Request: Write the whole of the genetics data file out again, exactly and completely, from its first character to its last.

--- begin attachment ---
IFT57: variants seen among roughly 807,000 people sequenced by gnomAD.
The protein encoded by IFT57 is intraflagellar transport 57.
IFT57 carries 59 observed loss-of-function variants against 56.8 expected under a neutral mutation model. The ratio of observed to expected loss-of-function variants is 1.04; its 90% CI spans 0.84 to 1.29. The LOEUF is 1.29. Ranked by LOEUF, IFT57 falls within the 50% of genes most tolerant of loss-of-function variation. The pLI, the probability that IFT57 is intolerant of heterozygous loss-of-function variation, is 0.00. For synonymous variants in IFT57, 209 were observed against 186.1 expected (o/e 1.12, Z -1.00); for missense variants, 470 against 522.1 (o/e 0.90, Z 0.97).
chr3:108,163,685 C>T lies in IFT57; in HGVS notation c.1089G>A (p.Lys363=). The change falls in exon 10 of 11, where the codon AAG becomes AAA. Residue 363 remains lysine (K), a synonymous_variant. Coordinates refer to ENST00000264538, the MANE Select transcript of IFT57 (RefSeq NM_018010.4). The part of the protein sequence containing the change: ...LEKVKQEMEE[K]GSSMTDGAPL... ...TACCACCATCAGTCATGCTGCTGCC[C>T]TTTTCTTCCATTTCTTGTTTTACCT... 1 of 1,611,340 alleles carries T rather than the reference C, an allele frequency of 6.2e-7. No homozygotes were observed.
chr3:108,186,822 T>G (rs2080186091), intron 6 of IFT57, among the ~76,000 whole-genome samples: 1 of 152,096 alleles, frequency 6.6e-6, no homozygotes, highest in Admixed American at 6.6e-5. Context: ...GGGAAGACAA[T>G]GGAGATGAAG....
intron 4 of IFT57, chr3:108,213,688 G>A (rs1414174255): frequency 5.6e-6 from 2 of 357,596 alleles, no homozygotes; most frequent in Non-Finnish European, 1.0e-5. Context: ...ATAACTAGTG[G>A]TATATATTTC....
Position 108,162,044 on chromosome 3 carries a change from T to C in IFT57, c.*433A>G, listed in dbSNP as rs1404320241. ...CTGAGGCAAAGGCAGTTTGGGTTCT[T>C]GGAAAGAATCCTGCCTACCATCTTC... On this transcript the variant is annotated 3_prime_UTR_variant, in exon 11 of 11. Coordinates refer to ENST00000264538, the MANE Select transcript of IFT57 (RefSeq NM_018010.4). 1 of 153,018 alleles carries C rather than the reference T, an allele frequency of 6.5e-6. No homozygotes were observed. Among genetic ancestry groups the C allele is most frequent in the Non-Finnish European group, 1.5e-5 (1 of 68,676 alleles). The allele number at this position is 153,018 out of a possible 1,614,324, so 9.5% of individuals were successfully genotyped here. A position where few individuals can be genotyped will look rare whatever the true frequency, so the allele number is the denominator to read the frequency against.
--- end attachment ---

IFT57: variants seen among roughly 807,000 people sequenced by gnomAD.
The protein encoded by IFT57 is intraflagellar transport 57.
IFT57 carries 59 observed loss-of-function variants against 56.8 expected under a neutral mutation model. The ratio of observed to expected loss-of-function variants is 1.04; its 90% CI spans 0.84 to 1.29. The LOEUF is 1.29. Ranked by LOEUF, IFT57 falls within the 50% of genes most tolerant of loss-of-function variation. The pLI, the probability that IFT57 is intolerant of heterozygous loss-of-function variation, is 0.00. For synonymous variants in IFT57, 209 were observed against 186.1 expected (o/e 1.12, Z -1.00); for missense variants, 470 against 522.1 (o/e 0.90, Z 0.97).
chr3:108,163,685 C>T lies in IFT57; in HGVS notation c.1089G>A (p.Lys363=). The change falls in exon 10 of 11, where the codon AAG becomes AAA. Residue 363 remains lysine (K), a synonymous_variant. Coordinates refer to ENST00000264538, the MANE Select transcript of IFT57 (RefSeq NM_018010.4). The part of the protein sequence containing the change: ...LEKVKQEMEE[K]GSSMTDGAPL... ...TACCACCATCAGTCATGCTGCTGCC[C>T]TTTTCTTCCATTTCTTGTTTTACCT... 1 of 1,611,340 alleles carries T rather than the reference C, an allele frequency of 6.2e-7. No homozygotes were observed.
chr3:108,186,822 T>G (rs2080186091), intron 6 of IFT57, among the ~76,000 whole-genome samples: 1 of 152,096 alleles, frequency 6.6e-6, no homozygotes, highest in Admixed American at 6.6e-5. Context: ...GGGAAGACAA[T>G]GGAGATGAAG....
intron 4 of IFT57, chr3:108,213,688 G>A (rs1414174255): frequency 5.6e-6 from 2 of 357,596 alleles, no homozygotes; most frequent in Non-Finnish European, 1.0e-5. Context: ...ATAACTAGTG[G>A]TATATATTTC....
Position 108,162,044 on chromosome 3 carries a change from T to C in IFT57, c.*433A>G, listed in dbSNP as rs1404320241. ...CTGAGGCAAAGGCAGTTTGGGTTCT[T>C]GGAAAGAATCCTGCCTACCATCTTC... On this transcript the variant is annotated 3_prime_UTR_variant, in exon 11 of 11. Coordinates refer to ENST00000264538, the MANE Select transcript of IFT57 (RefSeq NM_018010.4). 1 of 153,018 alleles carries C rather than the reference T, an allele frequency of 6.5e-6. No homozygotes were observed. Among genetic ancestry groups the C allele is most frequent in the Non-Finnish European group, 1.5e-5 (1 of 68,676 alleles). The allele number at this position is 153,018 out of a possible 1,614,324, so 9.5% of individuals were successfully genotyped here. A position where few individuals can be genotyped will look rare whatever the true frequency, so the allele number is the denominator to read the frequency against.